But even in such a large swindle, there are lessons for every investor. Experts offer five basic strategies for avoiding the kinds of traps that Madoff's victims fell into.
1) Understand Your Investment
The web Madoff spun took in some of the most sophisticated investors in the world, including DreamWorks CEO Jeffrey Katzenberg and famed director Steven Spielberg.
While Madoff told them he was using a fairly uncomplicated blend of stock and options buys, authorities now believe—as some analysts have previously suggested—that there existed clear discrepancies between what Madoff said he was doing and the correlating numbers in his trades.
Such obfuscation should have been a clear sign that something was wrong.
"You sometimes see situations where people invest in something based on a rate of return without really understanding all the mechanics and the substance of the underlying assets," says Bill Leone, a partner at Faegre & Benson and the former U.S. Attorney for Colorado. "I think for investors it's generally a bad idea to invest in something you don't understand."
Investors should get a full breakdown of where their money is going with any fund. But sometimes the enticement from the types of returns Madoff was generating before the scheme blew up are too irresistible.
"Twenty years ago you had sophisticated investors that were buying and selling into the market," says Julie Murphy Casserly, president of JMC Wealth Management in Chicago. "Today, that's not the case. You have people who are very uneducated investing in the markets. They don't understand how to analyze a portfolio."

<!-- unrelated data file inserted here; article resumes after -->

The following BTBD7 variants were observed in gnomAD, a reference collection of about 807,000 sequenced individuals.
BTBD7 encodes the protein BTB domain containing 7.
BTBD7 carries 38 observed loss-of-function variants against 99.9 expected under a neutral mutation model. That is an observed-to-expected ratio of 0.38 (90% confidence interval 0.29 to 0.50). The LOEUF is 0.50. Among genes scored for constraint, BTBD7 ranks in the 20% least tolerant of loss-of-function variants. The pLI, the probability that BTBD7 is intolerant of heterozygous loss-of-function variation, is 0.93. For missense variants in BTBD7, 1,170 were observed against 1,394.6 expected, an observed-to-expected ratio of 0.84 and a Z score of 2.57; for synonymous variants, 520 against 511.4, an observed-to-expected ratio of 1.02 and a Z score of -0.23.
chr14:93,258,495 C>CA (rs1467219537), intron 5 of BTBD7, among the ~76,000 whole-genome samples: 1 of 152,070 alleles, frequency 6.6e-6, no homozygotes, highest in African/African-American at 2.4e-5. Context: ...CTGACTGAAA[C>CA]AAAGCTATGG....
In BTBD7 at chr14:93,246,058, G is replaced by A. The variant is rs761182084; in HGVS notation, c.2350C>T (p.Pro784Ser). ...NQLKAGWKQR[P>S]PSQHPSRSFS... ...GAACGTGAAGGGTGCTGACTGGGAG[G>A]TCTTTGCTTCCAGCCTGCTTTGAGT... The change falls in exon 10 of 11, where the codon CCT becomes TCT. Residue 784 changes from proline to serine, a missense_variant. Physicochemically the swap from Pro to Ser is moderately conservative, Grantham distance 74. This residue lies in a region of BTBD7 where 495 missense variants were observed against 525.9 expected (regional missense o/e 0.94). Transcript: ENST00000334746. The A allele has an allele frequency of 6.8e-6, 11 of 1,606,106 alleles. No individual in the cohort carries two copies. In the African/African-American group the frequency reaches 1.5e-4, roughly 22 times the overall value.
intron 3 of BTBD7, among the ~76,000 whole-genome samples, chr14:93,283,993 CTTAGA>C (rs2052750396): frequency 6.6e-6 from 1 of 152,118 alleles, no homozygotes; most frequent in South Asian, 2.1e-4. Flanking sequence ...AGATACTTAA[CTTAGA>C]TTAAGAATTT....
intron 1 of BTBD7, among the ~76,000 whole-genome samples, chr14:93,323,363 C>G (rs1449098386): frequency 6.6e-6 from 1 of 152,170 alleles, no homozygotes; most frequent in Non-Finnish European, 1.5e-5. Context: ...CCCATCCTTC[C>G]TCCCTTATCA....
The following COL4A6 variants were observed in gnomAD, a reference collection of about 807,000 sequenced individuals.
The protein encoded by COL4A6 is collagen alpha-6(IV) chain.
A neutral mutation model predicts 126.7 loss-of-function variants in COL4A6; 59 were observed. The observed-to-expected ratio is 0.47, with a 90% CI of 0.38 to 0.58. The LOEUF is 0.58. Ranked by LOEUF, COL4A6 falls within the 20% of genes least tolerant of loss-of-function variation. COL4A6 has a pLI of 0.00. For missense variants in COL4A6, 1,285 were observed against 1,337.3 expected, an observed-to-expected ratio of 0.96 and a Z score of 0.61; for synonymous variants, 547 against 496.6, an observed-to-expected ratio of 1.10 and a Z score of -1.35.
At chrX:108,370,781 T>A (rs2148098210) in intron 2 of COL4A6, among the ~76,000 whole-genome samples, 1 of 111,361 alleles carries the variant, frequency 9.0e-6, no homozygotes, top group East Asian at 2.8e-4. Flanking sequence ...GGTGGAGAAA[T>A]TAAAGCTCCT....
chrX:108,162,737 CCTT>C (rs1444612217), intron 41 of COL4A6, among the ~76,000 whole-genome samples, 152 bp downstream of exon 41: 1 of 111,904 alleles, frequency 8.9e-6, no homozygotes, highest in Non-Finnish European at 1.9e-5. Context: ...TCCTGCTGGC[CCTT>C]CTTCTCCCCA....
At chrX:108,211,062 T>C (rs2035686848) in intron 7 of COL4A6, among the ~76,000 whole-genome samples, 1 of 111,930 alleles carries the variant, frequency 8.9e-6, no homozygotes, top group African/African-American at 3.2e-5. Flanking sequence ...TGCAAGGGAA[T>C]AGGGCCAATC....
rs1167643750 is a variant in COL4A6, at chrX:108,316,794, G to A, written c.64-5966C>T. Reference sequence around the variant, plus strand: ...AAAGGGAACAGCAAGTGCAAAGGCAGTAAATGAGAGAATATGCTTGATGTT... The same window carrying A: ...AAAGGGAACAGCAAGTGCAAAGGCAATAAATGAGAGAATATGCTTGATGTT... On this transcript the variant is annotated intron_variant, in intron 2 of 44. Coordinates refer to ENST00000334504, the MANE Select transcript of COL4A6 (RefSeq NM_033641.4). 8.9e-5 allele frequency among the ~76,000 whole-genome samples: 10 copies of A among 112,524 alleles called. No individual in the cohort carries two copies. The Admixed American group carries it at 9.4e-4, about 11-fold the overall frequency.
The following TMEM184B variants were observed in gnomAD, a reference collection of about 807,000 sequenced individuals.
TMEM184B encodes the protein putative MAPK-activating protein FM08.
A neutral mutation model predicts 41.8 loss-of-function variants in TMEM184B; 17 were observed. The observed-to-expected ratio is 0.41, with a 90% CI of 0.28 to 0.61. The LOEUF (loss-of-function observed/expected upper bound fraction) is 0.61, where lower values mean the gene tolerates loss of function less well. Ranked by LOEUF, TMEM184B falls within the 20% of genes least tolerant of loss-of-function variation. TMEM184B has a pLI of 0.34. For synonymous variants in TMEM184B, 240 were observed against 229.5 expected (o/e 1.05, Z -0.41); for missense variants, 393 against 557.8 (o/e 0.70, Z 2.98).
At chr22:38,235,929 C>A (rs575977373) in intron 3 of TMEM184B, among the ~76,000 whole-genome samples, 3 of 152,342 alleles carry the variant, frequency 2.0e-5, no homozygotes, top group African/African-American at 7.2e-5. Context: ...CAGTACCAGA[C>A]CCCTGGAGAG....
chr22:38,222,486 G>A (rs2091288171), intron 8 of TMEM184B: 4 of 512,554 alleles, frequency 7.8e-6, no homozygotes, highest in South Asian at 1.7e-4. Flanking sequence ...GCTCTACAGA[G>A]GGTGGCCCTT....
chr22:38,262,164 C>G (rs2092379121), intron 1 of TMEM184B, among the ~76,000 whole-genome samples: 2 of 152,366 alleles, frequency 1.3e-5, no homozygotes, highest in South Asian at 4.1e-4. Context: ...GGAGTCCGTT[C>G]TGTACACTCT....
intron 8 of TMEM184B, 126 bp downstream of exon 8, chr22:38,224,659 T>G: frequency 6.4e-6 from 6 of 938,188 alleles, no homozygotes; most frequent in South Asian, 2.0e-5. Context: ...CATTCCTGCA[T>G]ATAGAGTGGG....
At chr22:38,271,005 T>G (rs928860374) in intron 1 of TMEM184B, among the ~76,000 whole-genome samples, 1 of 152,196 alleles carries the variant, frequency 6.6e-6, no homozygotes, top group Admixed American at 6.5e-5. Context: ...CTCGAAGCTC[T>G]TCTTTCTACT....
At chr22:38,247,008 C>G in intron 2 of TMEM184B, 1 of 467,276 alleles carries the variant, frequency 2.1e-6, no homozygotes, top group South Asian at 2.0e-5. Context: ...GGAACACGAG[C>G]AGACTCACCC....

But they do know how to chase returns. Which leads to the next point...
2) Don't Chase Returns
The biggest incentive to buy into an investment vehicle, of course, is that it's generating big money for its investors.
But in many instances, especially in cases like the Madoff fund, by the time big returns are getting noticed the investment has already seen its best days.
"People are chasing the number, and most of them get into them after the returns have already been had," says Casserly, who cites last year's popular emerging markets trade as an example.
She points out that $1.9 trillion went into developing economies in August 2007, just at the point that institutional investors were pulling out. In 2008, emerging markets have tanked as the global recession has spread.
In the case of the Madoff investment, the Ponzi scheme by design is set to reward those who get in the game first, who are then paid returns with money that comes from later investors.
The damage is especially egregious to those who put most or all of their savings into the funds.
3) Remember Not to Put All Your Eggs...
In one basket—or one financial adviser.
"You might trust someone, but I encourage people to get a second opinion especially in this environment" says Joan Kane, founder and director of Investment Planning Solutions in Fairfax, Va.